All 50 states and the District of Columbia consider stalking a crime, but the definition of stalking and the ways in which victims can get help differs by state. In 1997, D.C. passed the anti-stalking laws that stand now defining stalking as conduct on more than on occasion that with the "intent to cause emotional distress to another or places another person in reasonable fear of death or bodily injury by willfully, maliciously, and repeatedly following or harassing that person."
In the D.C. Criminal Code, the Council of the District of Columbia calls attention to the need for anti-stalking legislation, referring to stalking as a "serious problem" in the city and noting stalkings intrinsic link to violence,
The Council recognizes the dangerous nature of stalking as well as the strong connections between stalking and domestic violence and between stalking and sexual assault.Criminal code states that it is unlawful for a person to purposefully engage in conduct targeted towards a specific individual with or without the intent to cause that individual to fear for their safety or the safety of someone else, to feel seriously alarmed, or to suffer emotional distress. Types of conduct can include following and monitoring the victim, as well as committing violent acts and making threats.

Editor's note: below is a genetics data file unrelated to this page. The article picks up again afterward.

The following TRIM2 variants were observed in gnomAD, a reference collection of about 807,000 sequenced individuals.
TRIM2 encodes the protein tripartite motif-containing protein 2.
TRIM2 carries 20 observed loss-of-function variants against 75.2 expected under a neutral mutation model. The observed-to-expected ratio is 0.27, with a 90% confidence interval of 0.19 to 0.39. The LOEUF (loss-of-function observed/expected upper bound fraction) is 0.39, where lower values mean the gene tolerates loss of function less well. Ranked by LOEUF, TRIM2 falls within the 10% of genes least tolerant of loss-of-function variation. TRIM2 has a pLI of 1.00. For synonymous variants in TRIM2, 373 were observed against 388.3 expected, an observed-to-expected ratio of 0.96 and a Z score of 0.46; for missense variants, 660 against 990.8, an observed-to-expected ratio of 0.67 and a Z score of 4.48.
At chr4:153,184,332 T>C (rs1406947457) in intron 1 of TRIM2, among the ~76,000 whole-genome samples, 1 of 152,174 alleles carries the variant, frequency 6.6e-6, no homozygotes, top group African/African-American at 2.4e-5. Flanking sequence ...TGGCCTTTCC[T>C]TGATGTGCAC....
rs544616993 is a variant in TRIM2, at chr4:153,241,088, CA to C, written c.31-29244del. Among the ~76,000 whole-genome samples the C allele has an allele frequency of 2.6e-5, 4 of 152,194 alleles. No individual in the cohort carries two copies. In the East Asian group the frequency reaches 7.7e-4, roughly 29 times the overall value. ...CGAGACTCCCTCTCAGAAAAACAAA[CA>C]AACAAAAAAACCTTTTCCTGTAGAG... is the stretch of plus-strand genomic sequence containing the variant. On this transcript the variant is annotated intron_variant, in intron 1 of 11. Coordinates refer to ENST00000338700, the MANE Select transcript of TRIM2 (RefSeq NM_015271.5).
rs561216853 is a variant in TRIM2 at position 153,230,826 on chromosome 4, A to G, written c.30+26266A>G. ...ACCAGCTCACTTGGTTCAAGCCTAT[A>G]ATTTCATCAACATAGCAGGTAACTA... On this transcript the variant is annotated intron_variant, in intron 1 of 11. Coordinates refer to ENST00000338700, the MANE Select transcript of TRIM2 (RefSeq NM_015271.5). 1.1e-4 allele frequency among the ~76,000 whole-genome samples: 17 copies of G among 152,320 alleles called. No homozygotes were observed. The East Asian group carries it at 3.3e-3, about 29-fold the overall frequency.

Anyone convicted of stalking in D.C. for the first time can be punished by up to a $1,000 fine, 12 months in prison, or both. Those penalties are subject to increase if the stalker has prior stalking convictions.
While D.C. has no civil laws allowing victims to sue their stalkers, they can file for a Civil Protection Order (CPO) that mandate stalkers stay away from their victims as well as end all communication with them. A CPO can also grant victims temporary custody if the stalker and victim have children and force stalkers to surrender any firearms they may own.
To be awarded a CPO in the District, the individual filing the request must show good cause that the person they are accusing has committed or has threatened to commit stalking.
For more information on stalking and civil protection orders by state, visit the American Bar Association's Commission on Domestic Violence website here.
There are 6.6 million people stalked in the United States each year. Only half of stalking cases are reported to authorities. If you are being stalked take action: contact the police, create a safety plan, and record any incidences of stalking. For more information on how you can get help in D.C. follow this link.
Yours in Advocacy,